As we have mentioned in an earlier dyslexia blog article dyslexia can often run in families. Research indicates that where one child in the family has been diagnosed with dyslexia, there is also a strong possibility that their sibling will also have difficulties – about 40%. As a result parents need to watch closely for any indicators of dyslexia in their other children and act accordingly to get them help if required.
In some families dyslexia can produce sibling rivalry.The child (or children) who isn’t dyslexic may often feel jealous of the dyslexic child, who gets the majority of the parents’ attention, time and money.They can feel angry and resentful. They may think incorrectly that the parents favour or love best the sibling with a learning disability.
Additionally, siblings are often asked by parents to undertake extra chores while parents are helping their dyslexic child with reading or homework. Some siblings may accept these extra duties willingly, but many may resent them and feel anger towards their parents and siblings.
Of course each child's personality and temperament play an important role in their response toward a sibling, including one with a learning disability. As a family, it is important to openly discuss dyslexia and its effects on individual family members and also try to resolve problems which it may produce.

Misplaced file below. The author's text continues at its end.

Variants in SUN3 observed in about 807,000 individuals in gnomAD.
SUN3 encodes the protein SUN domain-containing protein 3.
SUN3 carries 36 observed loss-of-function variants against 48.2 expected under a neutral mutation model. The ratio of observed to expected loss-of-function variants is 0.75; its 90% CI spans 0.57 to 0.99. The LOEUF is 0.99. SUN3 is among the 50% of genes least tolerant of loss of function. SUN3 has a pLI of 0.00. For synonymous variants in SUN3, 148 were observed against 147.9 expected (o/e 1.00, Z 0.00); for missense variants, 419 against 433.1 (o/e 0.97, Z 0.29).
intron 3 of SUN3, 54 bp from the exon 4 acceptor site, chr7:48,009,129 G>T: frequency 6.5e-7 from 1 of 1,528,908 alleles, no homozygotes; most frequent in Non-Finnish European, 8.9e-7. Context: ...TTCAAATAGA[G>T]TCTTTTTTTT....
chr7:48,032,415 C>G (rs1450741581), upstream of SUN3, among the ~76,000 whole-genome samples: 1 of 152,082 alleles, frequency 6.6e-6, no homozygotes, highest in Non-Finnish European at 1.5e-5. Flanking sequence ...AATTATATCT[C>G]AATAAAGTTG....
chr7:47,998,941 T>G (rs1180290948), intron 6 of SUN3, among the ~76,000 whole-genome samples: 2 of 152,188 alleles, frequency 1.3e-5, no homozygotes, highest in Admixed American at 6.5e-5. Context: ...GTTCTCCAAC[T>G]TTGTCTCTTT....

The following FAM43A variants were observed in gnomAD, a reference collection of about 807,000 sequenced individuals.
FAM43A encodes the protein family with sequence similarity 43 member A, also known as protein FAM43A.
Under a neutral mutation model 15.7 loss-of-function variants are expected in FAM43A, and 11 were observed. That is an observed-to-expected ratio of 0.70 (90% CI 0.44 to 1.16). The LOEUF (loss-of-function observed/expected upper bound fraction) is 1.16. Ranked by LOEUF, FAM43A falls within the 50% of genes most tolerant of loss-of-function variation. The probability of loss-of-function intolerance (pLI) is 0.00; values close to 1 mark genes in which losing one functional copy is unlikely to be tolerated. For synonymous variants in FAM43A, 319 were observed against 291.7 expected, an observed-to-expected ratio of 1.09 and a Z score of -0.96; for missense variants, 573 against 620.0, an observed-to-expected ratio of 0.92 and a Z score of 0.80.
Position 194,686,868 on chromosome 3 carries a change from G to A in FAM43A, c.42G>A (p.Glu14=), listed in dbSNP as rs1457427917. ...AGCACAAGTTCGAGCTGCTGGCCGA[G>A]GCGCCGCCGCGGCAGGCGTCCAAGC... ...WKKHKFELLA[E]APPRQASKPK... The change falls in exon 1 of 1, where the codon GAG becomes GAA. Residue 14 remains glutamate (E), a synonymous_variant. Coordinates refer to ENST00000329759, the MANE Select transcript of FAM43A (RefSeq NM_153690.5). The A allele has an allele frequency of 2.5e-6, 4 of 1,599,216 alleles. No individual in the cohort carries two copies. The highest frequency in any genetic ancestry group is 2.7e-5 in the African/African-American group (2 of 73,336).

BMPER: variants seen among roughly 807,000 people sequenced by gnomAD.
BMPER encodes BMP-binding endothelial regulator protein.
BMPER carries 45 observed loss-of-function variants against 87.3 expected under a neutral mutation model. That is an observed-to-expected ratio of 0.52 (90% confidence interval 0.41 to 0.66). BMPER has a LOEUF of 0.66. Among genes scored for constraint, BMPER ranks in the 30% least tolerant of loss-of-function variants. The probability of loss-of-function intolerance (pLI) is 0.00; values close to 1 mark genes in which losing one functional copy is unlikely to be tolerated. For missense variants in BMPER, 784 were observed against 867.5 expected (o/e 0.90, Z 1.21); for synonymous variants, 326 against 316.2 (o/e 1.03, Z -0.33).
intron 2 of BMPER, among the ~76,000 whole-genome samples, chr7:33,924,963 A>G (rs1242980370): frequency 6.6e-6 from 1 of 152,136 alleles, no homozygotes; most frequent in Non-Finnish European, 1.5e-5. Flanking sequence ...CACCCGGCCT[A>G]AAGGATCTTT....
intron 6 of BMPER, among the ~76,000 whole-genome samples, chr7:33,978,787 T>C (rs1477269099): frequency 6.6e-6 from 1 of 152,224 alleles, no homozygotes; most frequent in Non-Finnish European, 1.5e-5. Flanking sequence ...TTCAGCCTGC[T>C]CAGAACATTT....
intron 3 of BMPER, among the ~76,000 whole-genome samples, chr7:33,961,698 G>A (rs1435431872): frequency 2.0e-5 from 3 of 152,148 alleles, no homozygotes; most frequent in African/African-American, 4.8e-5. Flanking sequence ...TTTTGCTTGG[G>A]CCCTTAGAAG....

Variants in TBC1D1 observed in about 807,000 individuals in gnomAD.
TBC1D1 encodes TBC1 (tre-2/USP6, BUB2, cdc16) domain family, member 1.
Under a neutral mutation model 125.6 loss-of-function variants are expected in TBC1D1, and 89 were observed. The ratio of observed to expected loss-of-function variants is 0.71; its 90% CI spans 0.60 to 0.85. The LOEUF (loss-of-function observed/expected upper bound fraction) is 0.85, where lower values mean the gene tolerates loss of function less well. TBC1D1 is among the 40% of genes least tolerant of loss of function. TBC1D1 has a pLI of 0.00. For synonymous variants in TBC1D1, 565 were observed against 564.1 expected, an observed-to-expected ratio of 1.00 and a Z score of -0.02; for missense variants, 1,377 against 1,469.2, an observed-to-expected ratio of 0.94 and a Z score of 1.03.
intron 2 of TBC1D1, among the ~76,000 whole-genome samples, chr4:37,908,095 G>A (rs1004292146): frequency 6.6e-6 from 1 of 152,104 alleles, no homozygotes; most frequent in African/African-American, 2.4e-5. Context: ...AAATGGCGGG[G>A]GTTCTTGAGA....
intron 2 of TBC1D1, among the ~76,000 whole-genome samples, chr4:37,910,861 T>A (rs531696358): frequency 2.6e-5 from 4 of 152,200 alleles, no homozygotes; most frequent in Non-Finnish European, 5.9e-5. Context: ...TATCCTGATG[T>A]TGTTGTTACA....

The age of a sibling will be a factor which can affect their perception and reaction to their siblings’ dyslexia. An older sibling (especially girls) will often be more protective over a younger child with dyslexia. Siblings may feel the need to compensate for the child with the learning disability and to make up for that child's limitations. Siblings in many cases can assist their dyslexic brother/sister with school work and can be a useful source of help.
On the other hand younger kids will lack the intellectual understanding to understand everything about dyslexia. With younger children it might be useful to read a book about dyslexia to them .Their are many books available in English about dyslexia geared for children .One such book in Turkish is “Bende Disleksi Var”. ( Tubitak )
On the positive side siblings may gain from having a brother and sister with dyslexia .It may make them a more empathetic person with an increased tolerance for differences as well as a greater sense of maturity and responsibility,
Please remember a dyslexic child may resent their sibling(s) who do not have to struggle at school like themselves. It may affect their self- esteem when their brothers and sisters always come home with the high marks. As a result it is important for parents to help to try to develop interests and hobbies where their dyslexic child can feel proud of his or her achievements. Parents should also avoid comparing children and ensure they accept them for what they are. Parents should remember that each child is a unique person with their own strengths and weaknesses.